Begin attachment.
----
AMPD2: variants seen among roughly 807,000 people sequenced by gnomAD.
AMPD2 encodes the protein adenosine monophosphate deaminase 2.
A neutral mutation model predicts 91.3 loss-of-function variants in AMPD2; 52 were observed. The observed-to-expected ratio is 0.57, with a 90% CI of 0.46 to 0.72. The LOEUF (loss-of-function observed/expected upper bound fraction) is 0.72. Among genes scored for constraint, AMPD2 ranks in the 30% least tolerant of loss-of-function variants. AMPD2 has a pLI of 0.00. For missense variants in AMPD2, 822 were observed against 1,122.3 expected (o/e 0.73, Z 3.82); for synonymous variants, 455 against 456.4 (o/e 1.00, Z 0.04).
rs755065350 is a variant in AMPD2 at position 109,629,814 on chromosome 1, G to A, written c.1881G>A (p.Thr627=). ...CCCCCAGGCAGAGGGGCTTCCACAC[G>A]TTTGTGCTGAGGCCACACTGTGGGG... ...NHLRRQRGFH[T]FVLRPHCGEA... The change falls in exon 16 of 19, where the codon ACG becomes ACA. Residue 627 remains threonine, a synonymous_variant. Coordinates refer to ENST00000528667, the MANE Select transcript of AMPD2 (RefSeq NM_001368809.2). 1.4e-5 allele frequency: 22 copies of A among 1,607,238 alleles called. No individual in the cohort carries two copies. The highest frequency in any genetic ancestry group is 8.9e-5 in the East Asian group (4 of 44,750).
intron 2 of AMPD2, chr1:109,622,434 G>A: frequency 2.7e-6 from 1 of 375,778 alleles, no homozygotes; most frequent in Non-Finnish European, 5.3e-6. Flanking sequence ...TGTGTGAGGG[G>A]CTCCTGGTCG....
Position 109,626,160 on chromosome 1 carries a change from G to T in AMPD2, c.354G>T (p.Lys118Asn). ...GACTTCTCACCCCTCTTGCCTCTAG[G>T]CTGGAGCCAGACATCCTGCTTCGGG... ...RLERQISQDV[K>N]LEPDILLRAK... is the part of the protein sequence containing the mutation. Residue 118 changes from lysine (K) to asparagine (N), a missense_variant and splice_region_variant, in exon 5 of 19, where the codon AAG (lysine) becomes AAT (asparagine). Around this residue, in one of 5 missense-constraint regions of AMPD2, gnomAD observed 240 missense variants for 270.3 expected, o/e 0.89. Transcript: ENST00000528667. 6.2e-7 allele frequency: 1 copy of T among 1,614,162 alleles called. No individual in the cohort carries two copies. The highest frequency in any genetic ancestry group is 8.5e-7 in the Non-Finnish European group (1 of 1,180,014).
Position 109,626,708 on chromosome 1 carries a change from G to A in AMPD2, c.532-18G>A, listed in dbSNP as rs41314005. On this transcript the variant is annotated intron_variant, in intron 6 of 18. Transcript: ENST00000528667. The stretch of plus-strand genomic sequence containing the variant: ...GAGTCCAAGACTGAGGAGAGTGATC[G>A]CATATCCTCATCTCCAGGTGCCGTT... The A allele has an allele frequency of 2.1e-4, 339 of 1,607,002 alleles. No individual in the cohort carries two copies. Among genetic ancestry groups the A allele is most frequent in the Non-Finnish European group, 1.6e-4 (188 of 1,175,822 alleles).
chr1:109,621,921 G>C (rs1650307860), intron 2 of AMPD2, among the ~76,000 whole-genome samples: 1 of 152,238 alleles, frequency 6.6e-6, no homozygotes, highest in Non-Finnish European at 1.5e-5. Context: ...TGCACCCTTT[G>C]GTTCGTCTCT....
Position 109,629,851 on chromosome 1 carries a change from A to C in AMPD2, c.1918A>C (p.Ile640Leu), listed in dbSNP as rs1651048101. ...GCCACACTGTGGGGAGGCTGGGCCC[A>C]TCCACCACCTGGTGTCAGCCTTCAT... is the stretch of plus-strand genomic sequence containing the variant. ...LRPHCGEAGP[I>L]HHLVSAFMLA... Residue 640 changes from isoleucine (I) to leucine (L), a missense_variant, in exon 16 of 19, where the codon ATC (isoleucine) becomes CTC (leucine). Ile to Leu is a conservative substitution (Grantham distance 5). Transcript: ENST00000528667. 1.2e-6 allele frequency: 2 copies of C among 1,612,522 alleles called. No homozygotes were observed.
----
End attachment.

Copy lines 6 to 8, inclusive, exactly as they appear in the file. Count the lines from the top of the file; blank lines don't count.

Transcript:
Position 109,626,160 on chromosome 1 carries a change from G to T in AMPD2, c.354G>T (p.Lys118Asn). ...GACTTCTCACCCCTCTTGCCTCTAG[G>T]CTGGAGCCAGACATCCTGCTTCGGG... ...RLERQISQDV[K>N]LEPDILLRAK... is the part of the protein sequence containing the mutation. Residue 118 changes from lysine (K) to asparagine (N), a missense_variant and splice_region_variant, in exon 5 of 19, where the codon AAG (lysine) becomes AAT (asparagine). Around this residue, in one of 5 missense-constraint regions of AMPD2, gnomAD observed 240 missense variants for 270.3 expected, o/e 0.89. Transcript: ENST00000528667. 6.2e-7 allele frequency: 1 copy of T among 1,614,162 alleles called. No individual in the cohort carries two copies. The highest frequency in any genetic ancestry group is 8.5e-7 in the Non-Finnish European group (1 of 1,180,014).
Position 109,626,708 on chromosome 1 carries a change from G to A in AMPD2, c.532-18G>A, listed in dbSNP as rs41314005. On this transcript the variant is annotated intron_variant, in intron 6 of 18. Transcript: ENST00000528667. The stretch of plus-strand genomic sequence containing the variant: ...GAGTCCAAGACTGAGGAGAGTGATC[G>A]CATATCCTCATCTCCAGGTGCCGTT... The A allele has an allele frequency of 2.1e-4, 339 of 1,607,002 alleles. No individual in the cohort carries two copies. Among genetic ancestry groups the A allele is most frequent in the Non-Finnish European group, 1.6e-4 (188 of 1,175,822 alleles).
chr1:109,621,921 G>C (rs1650307860), intron 2 of AMPD2, among the ~76,000 whole-genome samples: 1 of 152,238 alleles, frequency 6.6e-6, no homozygotes, highest in Non-Finnish European at 1.5e-5. Context: ...TGCACCCTTT[G>C]GTTCGTCTCT....